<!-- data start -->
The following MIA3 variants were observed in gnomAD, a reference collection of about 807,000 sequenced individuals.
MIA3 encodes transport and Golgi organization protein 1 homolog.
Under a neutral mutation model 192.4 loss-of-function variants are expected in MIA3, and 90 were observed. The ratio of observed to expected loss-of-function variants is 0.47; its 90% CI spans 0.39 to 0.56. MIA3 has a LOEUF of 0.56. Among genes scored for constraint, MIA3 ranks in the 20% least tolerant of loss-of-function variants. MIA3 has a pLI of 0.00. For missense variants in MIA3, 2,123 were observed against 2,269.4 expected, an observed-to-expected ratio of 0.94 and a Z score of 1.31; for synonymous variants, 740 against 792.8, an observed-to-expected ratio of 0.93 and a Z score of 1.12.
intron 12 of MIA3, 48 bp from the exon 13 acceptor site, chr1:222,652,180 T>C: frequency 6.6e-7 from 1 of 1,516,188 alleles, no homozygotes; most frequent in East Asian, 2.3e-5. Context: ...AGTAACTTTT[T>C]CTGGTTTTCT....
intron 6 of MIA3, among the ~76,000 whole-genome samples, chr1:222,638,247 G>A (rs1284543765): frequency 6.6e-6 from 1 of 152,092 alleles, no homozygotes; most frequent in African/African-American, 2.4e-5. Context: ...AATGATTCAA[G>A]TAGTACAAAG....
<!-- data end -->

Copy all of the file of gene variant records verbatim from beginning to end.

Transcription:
The following MIA3 variants were observed in gnomAD, a reference collection of about 807,000 sequenced individuals.
MIA3 encodes transport and Golgi organization protein 1 homolog.
Under a neutral mutation model 192.4 loss-of-function variants are expected in MIA3, and 90 were observed. The ratio of observed to expected loss-of-function variants is 0.47; its 90% CI spans 0.39 to 0.56. MIA3 has a LOEUF of 0.56. Among genes scored for constraint, MIA3 ranks in the 20% least tolerant of loss-of-function variants. MIA3 has a pLI of 0.00. For missense variants in MIA3, 2,123 were observed against 2,269.4 expected, an observed-to-expected ratio of 0.94 and a Z score of 1.31; for synonymous variants, 740 against 792.8, an observed-to-expected ratio of 0.93 and a Z score of 1.12.
intron 12 of MIA3, 48 bp from the exon 13 acceptor site, chr1:222,652,180 T>C: frequency 6.6e-7 from 1 of 1,516,188 alleles, no homozygotes; most frequent in East Asian, 2.3e-5. Context: ...AGTAACTTTT[T>C]CTGGTTTTCT....
intron 6 of MIA3, among the ~76,000 whole-genome samples, chr1:222,638,247 G>A (rs1284543765): frequency 6.6e-6 from 1 of 152,092 alleles, no homozygotes; most frequent in African/African-American, 2.4e-5. Context: ...AATGATTCAA[G>A]TAGTACAAAG....